The first dimension is a particular relations of production to use a Marxist term. In other words, a pattern of labour and work. People in the precariat have to accept a life of unstable and insecure labour. People in the precariat do not have an occupational narrative to give to their lives – I am becoming an economist, I am becoming a journalist, I am becoming a lawyer, I am becoming a surgeon, etc. You're in the precariat, you don't have that. You don't know what you're going to be doing. And here again is another important aspect, which is that this is the first mass class in history whose average level of education is above the level of the type of job they can expect to get. That's never been the case before. And again different from the old proletariat – the precariat has to do a lot of work, work that is not recognised as work, but unless you do it, you pay a heavy price. This uses up a lot of your time. You don't get paid for it. You have to wait in queues. You have to do this, you have to put in forms, you have to apply for jobs. I use the term ‘multiple application syndrome.’ In the precariat, you have to spend a lot of time just applying for jobs or benefits or whatever. It takes up time. It's work. 

The second dimension is distinctive relations of distribution. And here what I mean is that unlike the old proletariat, the precariat has to rely almost entirely on money wages. It doesn't get non-wage benefits like pensions or paid holidays or paid medical leave. And moreover, unlike previous classes, it is systematically exploited through debt. Debt is an institutional mechanism of exploitation. Finance, capital, which is dominant in rentier capitalism, wants everybody to be in debt. That's how they make their money. And the precariat is living constantly on the edge of unsustainable debt.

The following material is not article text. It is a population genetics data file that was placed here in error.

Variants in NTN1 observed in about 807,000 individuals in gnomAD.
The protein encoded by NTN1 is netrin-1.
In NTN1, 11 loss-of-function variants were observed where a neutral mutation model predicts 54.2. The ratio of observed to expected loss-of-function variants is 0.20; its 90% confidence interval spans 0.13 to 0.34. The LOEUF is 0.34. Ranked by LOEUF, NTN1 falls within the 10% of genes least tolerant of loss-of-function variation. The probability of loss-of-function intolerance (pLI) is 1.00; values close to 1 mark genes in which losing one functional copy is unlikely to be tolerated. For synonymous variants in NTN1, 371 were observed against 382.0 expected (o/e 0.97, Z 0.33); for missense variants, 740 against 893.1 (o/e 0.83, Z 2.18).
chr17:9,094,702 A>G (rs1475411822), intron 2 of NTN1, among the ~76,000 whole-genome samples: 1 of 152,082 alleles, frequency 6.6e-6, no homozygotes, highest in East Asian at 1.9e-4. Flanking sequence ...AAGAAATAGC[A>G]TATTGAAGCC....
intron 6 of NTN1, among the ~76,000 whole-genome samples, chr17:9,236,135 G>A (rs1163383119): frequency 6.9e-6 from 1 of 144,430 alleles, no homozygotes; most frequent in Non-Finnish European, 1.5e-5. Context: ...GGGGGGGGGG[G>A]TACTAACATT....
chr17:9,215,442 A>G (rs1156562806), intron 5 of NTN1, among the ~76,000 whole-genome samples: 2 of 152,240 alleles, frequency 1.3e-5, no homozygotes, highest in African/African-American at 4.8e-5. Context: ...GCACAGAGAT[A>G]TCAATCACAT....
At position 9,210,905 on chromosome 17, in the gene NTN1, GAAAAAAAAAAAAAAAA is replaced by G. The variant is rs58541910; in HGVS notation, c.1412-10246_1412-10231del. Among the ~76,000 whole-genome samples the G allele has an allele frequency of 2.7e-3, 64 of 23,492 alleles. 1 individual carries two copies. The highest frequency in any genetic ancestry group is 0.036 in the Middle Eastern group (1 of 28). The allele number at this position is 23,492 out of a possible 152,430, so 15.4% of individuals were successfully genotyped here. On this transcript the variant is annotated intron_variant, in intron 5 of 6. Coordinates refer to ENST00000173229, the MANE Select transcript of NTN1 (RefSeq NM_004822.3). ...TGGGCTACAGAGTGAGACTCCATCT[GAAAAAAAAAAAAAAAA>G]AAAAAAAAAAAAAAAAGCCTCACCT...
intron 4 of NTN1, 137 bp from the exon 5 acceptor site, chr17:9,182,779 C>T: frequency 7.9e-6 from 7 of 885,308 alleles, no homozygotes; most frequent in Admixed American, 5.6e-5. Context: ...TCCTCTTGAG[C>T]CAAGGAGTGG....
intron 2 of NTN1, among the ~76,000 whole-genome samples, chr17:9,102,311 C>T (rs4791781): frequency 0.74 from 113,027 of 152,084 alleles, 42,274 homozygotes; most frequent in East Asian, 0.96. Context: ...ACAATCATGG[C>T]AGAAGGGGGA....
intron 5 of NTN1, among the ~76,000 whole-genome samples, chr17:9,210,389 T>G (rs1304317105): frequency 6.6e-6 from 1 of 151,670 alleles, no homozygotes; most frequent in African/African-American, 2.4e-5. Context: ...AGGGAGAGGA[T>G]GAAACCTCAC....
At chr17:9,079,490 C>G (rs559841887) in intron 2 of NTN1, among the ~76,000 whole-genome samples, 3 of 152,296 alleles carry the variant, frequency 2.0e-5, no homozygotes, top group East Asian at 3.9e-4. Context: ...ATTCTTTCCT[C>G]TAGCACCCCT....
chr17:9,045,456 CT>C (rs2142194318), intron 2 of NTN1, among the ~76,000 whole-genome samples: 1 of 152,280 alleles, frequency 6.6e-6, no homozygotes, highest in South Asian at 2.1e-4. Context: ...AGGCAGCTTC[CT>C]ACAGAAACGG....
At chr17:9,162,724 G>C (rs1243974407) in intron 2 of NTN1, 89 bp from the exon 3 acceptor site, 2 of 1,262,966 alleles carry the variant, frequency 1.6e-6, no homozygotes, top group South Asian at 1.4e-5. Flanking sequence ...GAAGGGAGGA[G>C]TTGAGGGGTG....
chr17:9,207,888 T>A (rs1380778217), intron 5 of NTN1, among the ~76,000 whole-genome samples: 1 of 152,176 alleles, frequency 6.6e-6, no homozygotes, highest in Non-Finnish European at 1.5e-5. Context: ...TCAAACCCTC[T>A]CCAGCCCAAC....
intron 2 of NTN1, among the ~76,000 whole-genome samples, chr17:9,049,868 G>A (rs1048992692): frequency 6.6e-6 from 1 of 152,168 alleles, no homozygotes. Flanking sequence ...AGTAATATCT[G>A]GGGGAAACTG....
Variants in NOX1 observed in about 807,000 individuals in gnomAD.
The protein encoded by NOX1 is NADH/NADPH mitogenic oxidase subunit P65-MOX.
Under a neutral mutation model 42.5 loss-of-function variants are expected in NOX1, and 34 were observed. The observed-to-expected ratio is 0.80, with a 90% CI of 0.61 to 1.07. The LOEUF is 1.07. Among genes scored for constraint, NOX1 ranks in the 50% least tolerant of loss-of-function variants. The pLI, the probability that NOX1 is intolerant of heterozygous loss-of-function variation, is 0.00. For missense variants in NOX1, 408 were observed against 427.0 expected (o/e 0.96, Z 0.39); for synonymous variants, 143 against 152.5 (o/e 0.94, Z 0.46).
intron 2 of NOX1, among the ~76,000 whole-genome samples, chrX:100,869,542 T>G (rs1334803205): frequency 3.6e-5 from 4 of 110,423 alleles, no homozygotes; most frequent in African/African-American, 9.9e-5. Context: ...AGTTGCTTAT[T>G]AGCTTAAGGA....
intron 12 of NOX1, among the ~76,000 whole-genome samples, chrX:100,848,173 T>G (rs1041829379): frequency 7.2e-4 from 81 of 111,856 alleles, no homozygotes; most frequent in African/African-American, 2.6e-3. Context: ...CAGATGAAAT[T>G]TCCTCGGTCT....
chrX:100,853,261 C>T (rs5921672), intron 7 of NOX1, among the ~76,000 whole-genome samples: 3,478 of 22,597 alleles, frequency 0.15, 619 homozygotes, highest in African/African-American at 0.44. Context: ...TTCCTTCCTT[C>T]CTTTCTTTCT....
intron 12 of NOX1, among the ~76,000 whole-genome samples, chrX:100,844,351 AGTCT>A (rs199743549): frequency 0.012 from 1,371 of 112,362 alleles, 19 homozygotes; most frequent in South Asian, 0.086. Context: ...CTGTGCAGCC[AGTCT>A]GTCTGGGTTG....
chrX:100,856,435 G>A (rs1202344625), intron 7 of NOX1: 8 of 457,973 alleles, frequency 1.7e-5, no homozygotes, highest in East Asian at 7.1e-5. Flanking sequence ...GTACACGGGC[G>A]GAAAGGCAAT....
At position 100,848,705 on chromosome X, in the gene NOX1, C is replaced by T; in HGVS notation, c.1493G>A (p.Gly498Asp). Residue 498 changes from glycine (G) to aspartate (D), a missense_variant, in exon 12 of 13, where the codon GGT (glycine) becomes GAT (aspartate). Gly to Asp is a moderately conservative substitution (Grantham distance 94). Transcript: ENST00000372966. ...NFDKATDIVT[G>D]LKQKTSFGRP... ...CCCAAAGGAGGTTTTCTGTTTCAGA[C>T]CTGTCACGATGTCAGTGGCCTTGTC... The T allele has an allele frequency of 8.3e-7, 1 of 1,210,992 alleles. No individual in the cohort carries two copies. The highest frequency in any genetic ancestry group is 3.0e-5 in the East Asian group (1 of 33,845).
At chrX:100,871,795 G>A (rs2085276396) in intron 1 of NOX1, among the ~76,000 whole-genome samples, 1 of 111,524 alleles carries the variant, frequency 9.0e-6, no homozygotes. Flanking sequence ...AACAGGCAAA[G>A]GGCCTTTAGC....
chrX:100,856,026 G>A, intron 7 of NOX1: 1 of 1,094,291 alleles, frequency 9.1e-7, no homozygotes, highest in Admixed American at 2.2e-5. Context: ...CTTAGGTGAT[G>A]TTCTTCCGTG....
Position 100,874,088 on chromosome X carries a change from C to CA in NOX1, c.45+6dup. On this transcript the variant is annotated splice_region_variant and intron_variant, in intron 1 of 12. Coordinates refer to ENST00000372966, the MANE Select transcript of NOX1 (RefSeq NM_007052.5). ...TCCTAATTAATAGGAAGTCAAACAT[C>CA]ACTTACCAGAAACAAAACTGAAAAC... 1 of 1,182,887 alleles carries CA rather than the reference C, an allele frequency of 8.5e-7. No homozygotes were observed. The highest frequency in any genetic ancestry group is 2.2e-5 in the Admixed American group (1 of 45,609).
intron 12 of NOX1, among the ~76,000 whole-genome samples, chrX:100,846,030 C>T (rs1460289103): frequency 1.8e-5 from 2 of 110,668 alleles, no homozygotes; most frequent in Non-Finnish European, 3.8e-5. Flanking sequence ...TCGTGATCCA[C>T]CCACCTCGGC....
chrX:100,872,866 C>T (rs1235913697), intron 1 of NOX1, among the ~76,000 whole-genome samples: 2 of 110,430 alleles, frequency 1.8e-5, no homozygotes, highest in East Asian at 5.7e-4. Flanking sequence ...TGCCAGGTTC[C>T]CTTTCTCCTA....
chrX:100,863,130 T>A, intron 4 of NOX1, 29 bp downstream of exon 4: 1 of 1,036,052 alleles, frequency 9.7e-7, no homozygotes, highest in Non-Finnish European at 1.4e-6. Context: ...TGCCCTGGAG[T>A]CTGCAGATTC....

And the third dimension. It is that the precarious has a distinctive relationship to the state. What I mean by that is that if you're in the precariat, unlike any class in past history, you are systematically losing the rights of citizenship – you're losing civil rights, you're losing cultural rights, you're losing economic rights, you're losing political rights because you do not see in the political spectrum politicians or parties representing you. 

You don't have rights. And in the end, you feel a bit like a beggar. And that is why I say the key thing about being in the precariat is you feel like a supplicant. That’s undignified.

 

You speak of the poverty trap that exists with respect to the subsidies that poor people receive. What is the difference between these subsidies and the basic income that you propose? 

There's a huge difference. A basic income means that you or I or any individual in Argentina or elsewhere would receive each month a basic amount, determined by the capacity of the state to pay it independently established, independent of the government of the day, and it would not be withdrawn. In other words, you wouldn't lose it if your status changed. It's a right as an individual, as an Argentine living in Argentina.